By Christie Neary, NUS Trans Students’ Committee 2018-2019 (pc)

The NUS finds itself in crisis. The Trans Students’ and International Students’ campaigns have been scrapped and the NUS UK Board have put together a programme of reforms in alliance with student union CEOs which block all remaining opportunities for ordinary students to exert control or influence on what NUS does.

As we pull into election season it is important that we on the student left examine not just what it is that the candidates are saying but scrutinise their record. How has the dominant nominally left-wing faction (hereafter the soft-left for brevity and political accuracy) has functioned in the national union in the past year?

This year the soft-left faction has controlled 3 of the 6 full time officer (FTO) positions elected at national conference, elected as part of the left-slate. (Zamzam Ibrahim, Eva Crossan Jory and Ali Milani. Ibrahim is running for President, Crossan Jory is re-running for Welfare, and Milani is running to be a Labour MP and not standing again in NUS). One might think that this would have put the left on a reasonably solid footing to operate on when the situation of financial crisis became apparent (for background Particularly given these officers have been supported by all 6 liberation FTOs. The way in which events have played out however is altogether different, I was at a loss as to why these nominally left officers had not kicked up any visible fuss over the situation…

So where was the soft left when the situation became apparent within the NUS? I later learned that, as a faction, the decision had been taken to oppose the cuts solely through the NUS’ internal structures. This was, frankly put, a shocking decision reeking of hubris and an overestimation of their own qualities. Firstly, to imagine for that relatively green officers, themselves bureaucrats-in-training, could outmanoeuvre the professional bureaucrats that have existed within the NUS across generations to restrict potential left-wing activism for decades, using purely insular methods is laughable. Secondly, students had a right to know what was happening. The Student Left Network has essentially been the sole source of consistent left wing commentary on the situation despite relatively little information. Any officer even remotely worthy of being considered left wing in any meaningful capacity should have at a bare minimum leaked all information available to them as broadly as possible. Elected officer posts within the NUS are jobs with more security, despite their temporary nature, than most of us will ever know.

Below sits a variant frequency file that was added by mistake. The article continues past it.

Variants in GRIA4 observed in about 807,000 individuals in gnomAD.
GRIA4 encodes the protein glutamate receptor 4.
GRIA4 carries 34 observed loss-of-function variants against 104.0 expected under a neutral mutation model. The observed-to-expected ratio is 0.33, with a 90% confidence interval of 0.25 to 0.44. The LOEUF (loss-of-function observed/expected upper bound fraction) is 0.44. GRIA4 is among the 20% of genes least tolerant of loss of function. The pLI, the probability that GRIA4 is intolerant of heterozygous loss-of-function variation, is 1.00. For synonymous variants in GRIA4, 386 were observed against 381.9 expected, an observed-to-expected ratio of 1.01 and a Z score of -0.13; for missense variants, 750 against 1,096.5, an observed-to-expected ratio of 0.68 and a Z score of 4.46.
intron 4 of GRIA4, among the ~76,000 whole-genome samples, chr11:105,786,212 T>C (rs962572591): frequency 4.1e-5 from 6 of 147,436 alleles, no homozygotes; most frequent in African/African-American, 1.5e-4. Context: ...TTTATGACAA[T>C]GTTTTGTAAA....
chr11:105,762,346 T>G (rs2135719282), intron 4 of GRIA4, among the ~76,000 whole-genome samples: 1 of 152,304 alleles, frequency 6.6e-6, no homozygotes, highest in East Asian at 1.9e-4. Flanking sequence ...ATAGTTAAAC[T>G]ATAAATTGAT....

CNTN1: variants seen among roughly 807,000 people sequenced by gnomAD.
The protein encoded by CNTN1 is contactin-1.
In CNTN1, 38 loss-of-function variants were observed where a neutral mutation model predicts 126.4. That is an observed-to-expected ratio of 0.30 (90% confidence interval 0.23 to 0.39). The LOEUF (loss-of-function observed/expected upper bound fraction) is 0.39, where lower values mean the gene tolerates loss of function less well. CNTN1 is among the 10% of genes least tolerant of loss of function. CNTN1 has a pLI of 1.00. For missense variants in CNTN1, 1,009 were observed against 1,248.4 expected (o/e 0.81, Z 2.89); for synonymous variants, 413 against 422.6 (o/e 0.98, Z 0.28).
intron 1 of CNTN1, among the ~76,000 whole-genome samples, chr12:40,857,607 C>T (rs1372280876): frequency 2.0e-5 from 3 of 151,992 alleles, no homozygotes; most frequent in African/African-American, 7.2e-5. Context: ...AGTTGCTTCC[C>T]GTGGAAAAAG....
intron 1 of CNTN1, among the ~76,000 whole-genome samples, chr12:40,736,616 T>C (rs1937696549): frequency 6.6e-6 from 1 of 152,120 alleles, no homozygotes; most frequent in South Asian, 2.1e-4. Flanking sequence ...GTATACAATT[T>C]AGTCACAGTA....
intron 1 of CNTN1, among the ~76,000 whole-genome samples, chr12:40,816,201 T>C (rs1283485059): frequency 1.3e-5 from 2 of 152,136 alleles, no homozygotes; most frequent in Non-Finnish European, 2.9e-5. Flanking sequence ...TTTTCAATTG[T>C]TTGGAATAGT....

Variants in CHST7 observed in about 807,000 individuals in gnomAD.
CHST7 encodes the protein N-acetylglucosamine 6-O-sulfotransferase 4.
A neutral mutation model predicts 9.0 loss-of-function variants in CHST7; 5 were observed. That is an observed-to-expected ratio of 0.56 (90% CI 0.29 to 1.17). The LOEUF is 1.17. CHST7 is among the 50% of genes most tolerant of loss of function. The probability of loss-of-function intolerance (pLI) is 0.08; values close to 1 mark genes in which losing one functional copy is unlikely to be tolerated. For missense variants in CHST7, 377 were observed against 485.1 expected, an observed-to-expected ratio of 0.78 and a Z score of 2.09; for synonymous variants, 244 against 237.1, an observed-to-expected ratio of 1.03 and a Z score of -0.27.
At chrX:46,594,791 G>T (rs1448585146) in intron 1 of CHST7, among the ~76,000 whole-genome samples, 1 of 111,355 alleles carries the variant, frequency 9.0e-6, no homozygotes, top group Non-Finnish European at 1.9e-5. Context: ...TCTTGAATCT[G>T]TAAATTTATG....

The approach taken by the soft left, beyond its insular nature, was not one of principled opposition to these cuts that threaten to turn the NUS into a worthless corporate husk. Rather, it was characterised by capitulation and bet-hedging from the outset. This was an approach based upon stopping certain cuts by offering up alternative areas for the chopping block. An example of this was in an attempt to save the Trans Campaign’s FTO position, the LGBT+ (Women’s Place) FTO position was offered up as an alternative. What was the outcome? Predictably, both positions have been cut. This quite clearly was a wrongheaded approach that failed to grasp the broader context of these cuts. These cuts are an attempt to finish the process initiated under Wes Streeting, the now Labour MP during his time as NUS president. This was a process of stripping the NUS of all its worthwhile elements in favour of a student think-tank-come-discount-provider. Stripping the NUS of its potential as an organisation that could act as a national coordinating body to amplify the strength of campus activism. Making the potential impact of campus activism much more than the sum of its atomised parts.

Why then, are we to be convinced that after a year of inward looking inaction, that the soft left candidates have anything to offer by way of the “fighting NUS” that they are campaigning on? It is not clear exactly how they plan to make NUS fight for students when they make no mention of opposing the reforms which gut all last remaining opportunities for debate and take control from ordinary students and place it in the hands of student union management, let alone making any positive concrete demands for democratisation.

I will be backing Justine Canady as presidential candidate, alongside others who join the campaign for NUS democracy: a class struggle socialist feminist who recognises the need for the extension of NUS democracy and the potential of the NUS as a means of amplifying the campus-based struggles taking place today, linking groups up nationally and giving some teeth back to the student movement.